A squeak can be described as a high-pitched short sound or cry while if it is long, it will be referred to as a growl. Chirruping is making repeated squeaks. Finally, a long loud cry is often referred to as a scream. This pet can make all these sounds and they are closely related.
Why must you decipher the various vocal cues? Deciphering or decoding the various rabbit sounds is important as these animals use not only their sound but also their body language (gesture and movements) to pass messages to other rabbits, pets, or handlers.
Why do rabbits squeak?
There are various reasons as to why this pet might squeak and to correctly interpret the message they are trying to send, you need to consider the circumstance under which it happened. Here are the common reasons:
Anxiety, fear or stress
It could be a sign that your furry friend is anxious, stressed, nervous and afraid. In such a case, the squeaks will have a higher pitch than grunts and may often be “accompanied by the bunny cowering into a corner or running around the house/cage.”  Your pet is trying to tell you ‘I am scared’, or ‘I am anxious’.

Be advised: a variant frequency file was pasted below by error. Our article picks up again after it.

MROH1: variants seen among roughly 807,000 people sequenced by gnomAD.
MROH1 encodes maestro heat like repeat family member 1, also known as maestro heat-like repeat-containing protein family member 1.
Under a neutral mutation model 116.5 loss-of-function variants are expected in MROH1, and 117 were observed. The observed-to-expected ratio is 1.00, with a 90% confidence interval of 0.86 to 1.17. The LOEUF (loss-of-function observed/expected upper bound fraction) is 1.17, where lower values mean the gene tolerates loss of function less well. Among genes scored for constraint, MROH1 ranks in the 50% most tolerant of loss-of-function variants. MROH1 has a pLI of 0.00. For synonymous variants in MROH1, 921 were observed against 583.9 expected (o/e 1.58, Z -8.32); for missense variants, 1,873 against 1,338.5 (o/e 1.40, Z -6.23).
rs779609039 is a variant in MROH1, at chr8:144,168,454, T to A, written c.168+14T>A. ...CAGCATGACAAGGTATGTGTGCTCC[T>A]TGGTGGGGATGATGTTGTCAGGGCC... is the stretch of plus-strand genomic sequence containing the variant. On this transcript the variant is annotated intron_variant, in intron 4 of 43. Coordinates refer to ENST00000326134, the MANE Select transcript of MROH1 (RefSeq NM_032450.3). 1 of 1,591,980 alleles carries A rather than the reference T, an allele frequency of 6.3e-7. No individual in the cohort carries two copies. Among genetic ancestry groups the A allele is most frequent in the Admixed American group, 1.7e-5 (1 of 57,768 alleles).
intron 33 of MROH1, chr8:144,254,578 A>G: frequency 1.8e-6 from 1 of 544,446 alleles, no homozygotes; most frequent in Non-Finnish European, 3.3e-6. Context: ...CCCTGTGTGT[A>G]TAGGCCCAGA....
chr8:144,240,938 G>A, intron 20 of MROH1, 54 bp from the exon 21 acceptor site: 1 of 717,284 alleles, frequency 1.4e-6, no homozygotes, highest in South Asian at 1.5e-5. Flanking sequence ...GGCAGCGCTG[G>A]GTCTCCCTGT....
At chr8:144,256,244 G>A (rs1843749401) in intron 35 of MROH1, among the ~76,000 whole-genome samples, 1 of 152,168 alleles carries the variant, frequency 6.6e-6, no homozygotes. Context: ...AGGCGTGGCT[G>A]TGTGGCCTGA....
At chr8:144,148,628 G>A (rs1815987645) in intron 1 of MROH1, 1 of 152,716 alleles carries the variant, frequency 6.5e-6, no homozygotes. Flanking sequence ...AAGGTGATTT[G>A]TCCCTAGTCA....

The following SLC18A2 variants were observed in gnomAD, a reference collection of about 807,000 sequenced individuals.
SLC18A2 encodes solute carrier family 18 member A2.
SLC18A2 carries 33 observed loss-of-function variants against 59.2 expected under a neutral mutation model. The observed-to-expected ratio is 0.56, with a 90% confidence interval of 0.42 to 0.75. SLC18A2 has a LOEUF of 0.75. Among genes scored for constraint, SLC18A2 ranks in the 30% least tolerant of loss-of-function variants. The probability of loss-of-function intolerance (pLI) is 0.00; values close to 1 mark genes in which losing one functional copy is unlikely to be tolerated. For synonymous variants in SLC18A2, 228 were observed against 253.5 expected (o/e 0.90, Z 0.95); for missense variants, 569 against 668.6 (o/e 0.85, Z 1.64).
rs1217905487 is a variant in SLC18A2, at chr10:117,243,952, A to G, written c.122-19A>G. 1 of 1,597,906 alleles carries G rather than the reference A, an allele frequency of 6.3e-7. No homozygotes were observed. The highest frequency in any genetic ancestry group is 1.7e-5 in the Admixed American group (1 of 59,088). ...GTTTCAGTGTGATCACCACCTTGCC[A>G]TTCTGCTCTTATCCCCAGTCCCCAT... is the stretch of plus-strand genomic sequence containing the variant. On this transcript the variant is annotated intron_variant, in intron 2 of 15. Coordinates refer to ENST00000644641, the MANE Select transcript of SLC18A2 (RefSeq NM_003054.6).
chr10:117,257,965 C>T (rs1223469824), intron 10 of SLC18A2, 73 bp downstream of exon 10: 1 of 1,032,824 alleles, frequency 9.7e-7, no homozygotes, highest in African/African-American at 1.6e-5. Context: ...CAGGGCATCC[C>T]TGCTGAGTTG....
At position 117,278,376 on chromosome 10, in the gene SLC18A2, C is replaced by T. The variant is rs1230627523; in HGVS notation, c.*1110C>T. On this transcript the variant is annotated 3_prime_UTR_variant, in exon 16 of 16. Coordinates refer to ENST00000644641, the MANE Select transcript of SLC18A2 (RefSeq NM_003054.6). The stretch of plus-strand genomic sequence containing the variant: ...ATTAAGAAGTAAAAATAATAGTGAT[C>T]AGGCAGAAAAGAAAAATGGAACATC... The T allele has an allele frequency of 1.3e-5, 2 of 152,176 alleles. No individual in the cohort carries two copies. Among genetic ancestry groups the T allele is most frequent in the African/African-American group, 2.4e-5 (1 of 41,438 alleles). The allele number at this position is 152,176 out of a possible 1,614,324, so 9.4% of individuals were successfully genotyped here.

Make a gentle approach not to further scare this pet. Give it time to relax and only do something that will reassure him.
Many things can scare a bunny including noise, sight or scent of a predator, quick unpredictable movements, among other things.
He or she is happy and bonding.
“If you hear a rabbit make a shrill squeaking sound, there’s a good chance that he’s feeling happy about something”  or showing contentment. This could be triggered by your rabbit seeing her or his favorite treat and cannot help wait to munch it.
Being petted is another instance when the squeaking sound will mean that your furry friend is actually happy. However, before concluding it is happiness, the bunny should appear to be calm.
Also, if it happens to those being bonded, it could indicate they are growing a social bond  and nothing much to worry about.
Angry or getting aggressive
Sometimes, squeaking may be a sign of bunny aggression. For instance, it can happen if your furry critter feels trapped, you are trying to hold him when he wants to be let free, or you are petting him and he does not want. Maybe he or she wants to be left alone to go play.
Pain and distress
Depending on the exact context, you should either reassure your bunny if he is scared, leave him alone if he is being aggressive and give him the treat if that is what he wants.
Finally, you need to rule out that this squeaky sound is not due to upper respiratory problems including a partial obstruction.